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MEL WALKER (HMP Full Sutton)

MEL WALKER (HMP Full Sutton)

COMMENDEE 2021-22: Mel’s Commendation is for her outstanding leadership in transforming the Close Supervision Centre, and Separation & Segregation Unit, at HMP Full Sutton, praised by the Regional Director, HMI Prisons and the prisoners themselves.

‘She allowed us to build hope’

Mel faced the challenge of a unit with an unhappy recent history, repeated violence, physical damage, and declining morale. Wielding a trademark combination of “a positive attitude and no nonsense”, she set about the task with a diligence and effectiveness everyone began to notice: prisoners, colleagues, Governor, HMIP Chief Inspector Peter Clarke and HMPPS’s Director of the Long Term & High Security Estate, Richard Vince, who says Mel has created “the best Dispersal Segregation Unit I have seen in a long time.”

It was, as Mel explains, a complex and demanding task. “As well as very disruptive individuals, there were prisoners who had unidentified pathways and no avenues to end segregation. And, as is endemic in the Dispersal system, some prisoners who simply couldn’t – or wouldn’t – relocate, and seemed to prefer long-term segregation despite the effects of such a solitary existence.” Some staff, she recalls, “were burnt out and felt unsupported”. All in all, it was “a big task in hand.” It took over two years hard work, much of it during the COVID pandemic, explains Mel, “but now I manage a very settled, strengthened and refurbished unit.”

Now all individuals have identified pathways and staff have psychological support, team-building events, and training. Equality of access, visible leadership, a rehabilitative culture and positive interactions between staff and prisoners are all promoted, says Mel. “My staff have clear communication with prisoners and deliver honest praise and make difficult challenges. Decision-making is procedurally just” and prisoner-led refurbishment and maintenance supports the wider prison estate in managing “truculent individuals at short notice in a responsive manner.”

Mel makes herself available to the prisoners and “takes a personal interest in the more challenging problems”, getting involved to give “clear answers and pathways” to prisoners. She is committed to being “a visible and approachable leader”, which she believes develops “the team ethic which we hold high as a value.”

A full refurbishment created “a fresh feel and environment”, with enhanced cleaning schedules allowing prisoners to “take ownership and buy into the community spirit”, and “insight and training for staff” led to a unit that was “bright, colourful, engaging and the most settled it has been for several years,” says Mel.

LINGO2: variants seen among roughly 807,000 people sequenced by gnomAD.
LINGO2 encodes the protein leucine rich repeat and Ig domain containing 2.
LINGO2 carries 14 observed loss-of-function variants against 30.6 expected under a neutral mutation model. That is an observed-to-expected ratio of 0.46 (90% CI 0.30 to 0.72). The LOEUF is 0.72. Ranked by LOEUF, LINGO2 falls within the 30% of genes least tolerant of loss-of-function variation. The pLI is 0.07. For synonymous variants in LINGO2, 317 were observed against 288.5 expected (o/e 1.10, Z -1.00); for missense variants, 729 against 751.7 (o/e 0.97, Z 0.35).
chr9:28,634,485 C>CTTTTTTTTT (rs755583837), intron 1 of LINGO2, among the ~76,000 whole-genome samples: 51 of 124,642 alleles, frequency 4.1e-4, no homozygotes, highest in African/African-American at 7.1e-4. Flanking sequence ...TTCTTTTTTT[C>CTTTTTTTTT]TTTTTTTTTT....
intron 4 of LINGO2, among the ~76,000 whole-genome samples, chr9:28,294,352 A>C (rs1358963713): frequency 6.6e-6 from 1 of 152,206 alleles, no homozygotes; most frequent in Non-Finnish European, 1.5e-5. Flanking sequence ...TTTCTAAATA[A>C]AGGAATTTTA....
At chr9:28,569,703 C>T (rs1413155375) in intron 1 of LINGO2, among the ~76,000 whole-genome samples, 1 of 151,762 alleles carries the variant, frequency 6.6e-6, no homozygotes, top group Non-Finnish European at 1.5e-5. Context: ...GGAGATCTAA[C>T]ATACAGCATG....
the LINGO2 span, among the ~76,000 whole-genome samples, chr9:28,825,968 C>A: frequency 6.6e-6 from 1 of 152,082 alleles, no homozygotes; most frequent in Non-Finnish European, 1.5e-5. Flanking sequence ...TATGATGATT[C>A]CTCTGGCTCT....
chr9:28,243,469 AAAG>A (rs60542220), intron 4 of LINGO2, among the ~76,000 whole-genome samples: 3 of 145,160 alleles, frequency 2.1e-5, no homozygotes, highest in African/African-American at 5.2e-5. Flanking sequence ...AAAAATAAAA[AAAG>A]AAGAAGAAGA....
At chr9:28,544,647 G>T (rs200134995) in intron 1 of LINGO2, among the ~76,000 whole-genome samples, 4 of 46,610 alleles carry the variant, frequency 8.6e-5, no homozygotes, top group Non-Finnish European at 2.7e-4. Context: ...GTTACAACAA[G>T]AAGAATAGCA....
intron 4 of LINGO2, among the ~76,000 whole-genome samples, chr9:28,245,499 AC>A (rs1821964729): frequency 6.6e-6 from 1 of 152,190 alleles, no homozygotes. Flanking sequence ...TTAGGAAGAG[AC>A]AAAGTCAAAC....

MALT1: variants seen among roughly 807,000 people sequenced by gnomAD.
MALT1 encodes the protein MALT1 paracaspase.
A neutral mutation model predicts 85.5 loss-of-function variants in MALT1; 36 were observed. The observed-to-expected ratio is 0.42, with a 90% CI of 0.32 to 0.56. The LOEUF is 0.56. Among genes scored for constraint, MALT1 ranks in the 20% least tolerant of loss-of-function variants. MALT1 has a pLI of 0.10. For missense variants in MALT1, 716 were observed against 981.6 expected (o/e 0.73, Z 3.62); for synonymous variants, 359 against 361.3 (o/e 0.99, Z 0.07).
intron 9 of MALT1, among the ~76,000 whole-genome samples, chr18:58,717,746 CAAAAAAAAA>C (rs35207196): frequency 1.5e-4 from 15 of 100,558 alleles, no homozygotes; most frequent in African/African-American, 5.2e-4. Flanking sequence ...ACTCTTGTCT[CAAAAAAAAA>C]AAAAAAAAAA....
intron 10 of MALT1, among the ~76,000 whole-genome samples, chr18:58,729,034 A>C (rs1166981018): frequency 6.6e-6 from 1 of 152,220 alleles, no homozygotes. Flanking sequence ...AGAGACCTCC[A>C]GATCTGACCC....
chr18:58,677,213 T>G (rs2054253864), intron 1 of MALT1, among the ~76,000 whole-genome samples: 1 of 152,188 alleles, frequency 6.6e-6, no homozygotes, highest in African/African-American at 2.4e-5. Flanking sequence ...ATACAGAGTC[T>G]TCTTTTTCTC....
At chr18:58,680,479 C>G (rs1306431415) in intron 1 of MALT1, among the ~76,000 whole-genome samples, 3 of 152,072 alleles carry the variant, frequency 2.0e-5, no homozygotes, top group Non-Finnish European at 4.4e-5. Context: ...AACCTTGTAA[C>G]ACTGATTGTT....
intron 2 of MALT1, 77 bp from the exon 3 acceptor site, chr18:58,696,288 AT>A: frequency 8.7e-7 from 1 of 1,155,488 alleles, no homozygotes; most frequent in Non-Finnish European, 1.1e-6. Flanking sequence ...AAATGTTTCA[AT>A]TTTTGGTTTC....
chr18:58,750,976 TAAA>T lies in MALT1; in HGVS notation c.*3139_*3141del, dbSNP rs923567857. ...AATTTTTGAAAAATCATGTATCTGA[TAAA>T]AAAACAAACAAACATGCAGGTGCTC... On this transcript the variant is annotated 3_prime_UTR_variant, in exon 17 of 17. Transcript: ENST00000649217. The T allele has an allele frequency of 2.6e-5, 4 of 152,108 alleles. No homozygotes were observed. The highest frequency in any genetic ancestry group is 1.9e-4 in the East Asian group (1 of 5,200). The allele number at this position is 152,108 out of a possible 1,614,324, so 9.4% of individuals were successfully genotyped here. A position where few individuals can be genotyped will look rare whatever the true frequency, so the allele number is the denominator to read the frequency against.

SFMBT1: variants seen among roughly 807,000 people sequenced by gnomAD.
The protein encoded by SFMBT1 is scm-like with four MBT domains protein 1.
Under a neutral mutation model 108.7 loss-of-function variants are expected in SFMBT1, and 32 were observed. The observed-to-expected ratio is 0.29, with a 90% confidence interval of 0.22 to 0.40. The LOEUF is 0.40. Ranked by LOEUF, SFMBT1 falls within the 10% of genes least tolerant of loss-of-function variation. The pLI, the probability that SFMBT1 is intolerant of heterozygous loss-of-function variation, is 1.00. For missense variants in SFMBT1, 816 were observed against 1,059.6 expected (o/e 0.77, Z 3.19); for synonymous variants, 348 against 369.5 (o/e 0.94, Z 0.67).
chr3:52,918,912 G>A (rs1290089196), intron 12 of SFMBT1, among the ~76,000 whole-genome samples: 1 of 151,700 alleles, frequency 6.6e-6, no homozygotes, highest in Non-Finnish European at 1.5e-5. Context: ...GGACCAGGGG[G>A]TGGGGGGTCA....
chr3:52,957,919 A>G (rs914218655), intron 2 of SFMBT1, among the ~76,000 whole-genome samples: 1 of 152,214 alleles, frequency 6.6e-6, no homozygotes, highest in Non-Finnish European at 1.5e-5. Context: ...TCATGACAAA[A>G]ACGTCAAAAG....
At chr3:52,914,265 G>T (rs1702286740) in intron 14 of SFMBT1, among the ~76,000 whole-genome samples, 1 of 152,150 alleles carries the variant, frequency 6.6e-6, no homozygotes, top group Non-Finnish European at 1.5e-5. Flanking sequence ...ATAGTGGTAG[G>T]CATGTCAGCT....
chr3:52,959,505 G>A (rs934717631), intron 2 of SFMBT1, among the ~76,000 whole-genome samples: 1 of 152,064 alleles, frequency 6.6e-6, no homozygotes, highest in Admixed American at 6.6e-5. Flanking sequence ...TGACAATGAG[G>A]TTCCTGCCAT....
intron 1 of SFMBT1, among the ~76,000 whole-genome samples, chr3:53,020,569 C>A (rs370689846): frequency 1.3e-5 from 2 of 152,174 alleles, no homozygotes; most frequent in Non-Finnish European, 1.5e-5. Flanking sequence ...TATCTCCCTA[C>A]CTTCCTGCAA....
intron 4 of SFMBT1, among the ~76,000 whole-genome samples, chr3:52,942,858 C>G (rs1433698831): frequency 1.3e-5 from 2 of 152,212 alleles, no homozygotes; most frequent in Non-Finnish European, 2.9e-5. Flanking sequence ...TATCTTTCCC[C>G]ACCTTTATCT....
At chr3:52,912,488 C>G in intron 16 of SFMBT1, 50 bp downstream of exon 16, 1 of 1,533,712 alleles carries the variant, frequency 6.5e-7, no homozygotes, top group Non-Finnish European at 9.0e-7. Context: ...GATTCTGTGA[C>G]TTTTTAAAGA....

HMIP Chief Inspector Peter Clarke was pleased to see the segregation unit so improved, “staff knowing the prisoners in their care”, and prisoners “positive about staff… We observed some good interactions. Living conditions had improved. Communal areas and cells were clean, cells were free of graffiti and prisoners could clean them every day.”

The praise of the men themselves is particularly notable and effusive. Mel “changed everything”, they say, from the environment to staff motivation, and makes them “feel heard.” She’s created “a greater level of respect” by holding both staff and men “accountable” and making them “take responsibility for their actions”. As one prisoner, ‘Aaron’, put it eloquently: “she allowed us to build hope in a place where hope is hard to find.”

Mel’s focus on psychological needs and support for both prisoners and staff is impressive, too. She’s introduced Trauma Risk Management (TRiM), a trauma-focused peer support system for those who experience traumatic or potentially traumatic events. She not only recruits staff and prisoners, she also leads by personal example, undertaking the training herself.

As Governor Gareth Sands observes, “When prisons are operating well, memories can often be short. From a personal perspective I have a clear and vivid recollection of how the unit was versus how good it could be”. He is “delighted” the unit is now “a beacon of best practice” and that it sets “the tone and the expectations for the prison in terms of standards.”

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